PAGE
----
India’s labour market was beginning to look up, despite a deceleration in GDP growth, before the Covid-19 pandemic forced a lockdown in March. Statistics from the latest Periodic Labour Force Survey (PLFS) for the quarter ending December 2019 show that the urban unemployment rate had been declining for four consecutive quarters.
To be sure, a quarter-on-quarter comparison could be misleading because of seasonal effects on employment.
The urban unemployment was 7.9% in the quarter ending December 2019, compared to 9.9% in the same period the previous year. This is in keeping with the trend of a decline in the unemployment rate in the quarters ending June 2019 and September 2019 as well. The PLFS report for the quarter ending December 2019 was released on Thursday while the September 2019 report was released on October 19. The quarterly PLFS estimates are available from the April-June 2018 quarter onwards.
While unemployment among young people (15-29 years old) is significantly higher than the headline numbers, this too has been declining compared to the previous year’s levels.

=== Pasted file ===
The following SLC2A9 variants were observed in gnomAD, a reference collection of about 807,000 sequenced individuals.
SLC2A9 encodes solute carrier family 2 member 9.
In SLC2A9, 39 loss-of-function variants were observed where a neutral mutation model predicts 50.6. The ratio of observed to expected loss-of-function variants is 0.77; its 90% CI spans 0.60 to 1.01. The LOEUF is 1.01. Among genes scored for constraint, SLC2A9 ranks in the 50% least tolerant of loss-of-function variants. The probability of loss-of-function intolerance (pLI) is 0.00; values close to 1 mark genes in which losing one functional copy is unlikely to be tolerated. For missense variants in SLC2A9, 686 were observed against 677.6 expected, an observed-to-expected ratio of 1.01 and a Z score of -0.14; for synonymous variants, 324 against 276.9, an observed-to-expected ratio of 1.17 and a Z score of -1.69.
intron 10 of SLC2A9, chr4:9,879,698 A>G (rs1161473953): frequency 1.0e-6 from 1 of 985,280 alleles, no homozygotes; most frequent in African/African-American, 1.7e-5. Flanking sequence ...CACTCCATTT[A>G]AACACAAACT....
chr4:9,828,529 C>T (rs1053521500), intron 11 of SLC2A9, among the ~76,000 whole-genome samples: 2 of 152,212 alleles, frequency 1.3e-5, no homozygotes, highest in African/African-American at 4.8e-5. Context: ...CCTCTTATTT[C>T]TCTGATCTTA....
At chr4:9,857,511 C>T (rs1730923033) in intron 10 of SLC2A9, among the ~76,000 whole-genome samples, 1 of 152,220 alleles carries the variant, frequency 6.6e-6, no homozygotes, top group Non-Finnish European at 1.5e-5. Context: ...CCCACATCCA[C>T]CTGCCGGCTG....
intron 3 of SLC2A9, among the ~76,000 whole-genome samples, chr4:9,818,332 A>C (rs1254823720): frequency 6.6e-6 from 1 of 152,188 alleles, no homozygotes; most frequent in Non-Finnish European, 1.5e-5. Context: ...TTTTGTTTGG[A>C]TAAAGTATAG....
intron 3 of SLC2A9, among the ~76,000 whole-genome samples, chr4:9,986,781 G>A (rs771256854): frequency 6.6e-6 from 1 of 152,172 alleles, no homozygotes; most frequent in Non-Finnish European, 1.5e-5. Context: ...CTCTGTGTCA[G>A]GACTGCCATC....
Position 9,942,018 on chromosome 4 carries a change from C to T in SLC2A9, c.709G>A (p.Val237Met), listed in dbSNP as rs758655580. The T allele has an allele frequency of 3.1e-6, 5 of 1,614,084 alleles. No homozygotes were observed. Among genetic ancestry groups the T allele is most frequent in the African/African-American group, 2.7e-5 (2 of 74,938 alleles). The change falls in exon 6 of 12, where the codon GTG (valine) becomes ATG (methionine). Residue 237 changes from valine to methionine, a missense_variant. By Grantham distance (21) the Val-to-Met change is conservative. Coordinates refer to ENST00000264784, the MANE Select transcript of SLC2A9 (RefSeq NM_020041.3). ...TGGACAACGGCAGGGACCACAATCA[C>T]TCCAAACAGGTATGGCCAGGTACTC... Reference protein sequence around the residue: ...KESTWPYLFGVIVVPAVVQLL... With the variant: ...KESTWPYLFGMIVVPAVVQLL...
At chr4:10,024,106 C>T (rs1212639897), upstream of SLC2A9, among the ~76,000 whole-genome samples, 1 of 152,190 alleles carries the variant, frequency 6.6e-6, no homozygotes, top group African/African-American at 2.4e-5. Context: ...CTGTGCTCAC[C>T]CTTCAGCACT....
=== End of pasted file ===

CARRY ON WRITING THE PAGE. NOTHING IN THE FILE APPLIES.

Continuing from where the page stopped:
While the decline in the unemployment rate is relatively smaller for young people, their labour force participation rate (LPFR) has grown more than that of the older age groups in the first three quarters of 2019-20 compared to the corresponding periods in 2018-19.
The growth was 2.4%, 2.4% and 3.1% for the first three quarters for people in the 15-29 age group whereas it was 0.6%, 1.3%, and 2.1% for the 15 years and above age group. LPFR measures the share of population in a given age group which is either working or looking for a job.
The estimates in the quarterly survey are based on the current weekly status of those surveyed. In such estimates, people are considered to be a part of the labour force if they worked or were available or looking for work for at least one hour in the week preceding the survey.
The quarterly bulletin also gives the status and industry of employment of those employed in urban areas and of age 15 years and above. In October-December 2019, 50% workers were regular wage earning or salaried workers, 38% were self-employed and 12.1% were casual workers.
Compared to the same period in 2018, the share of the former two increased by 1% and 0.3%, respectively, while that of the latter decreased by 4%.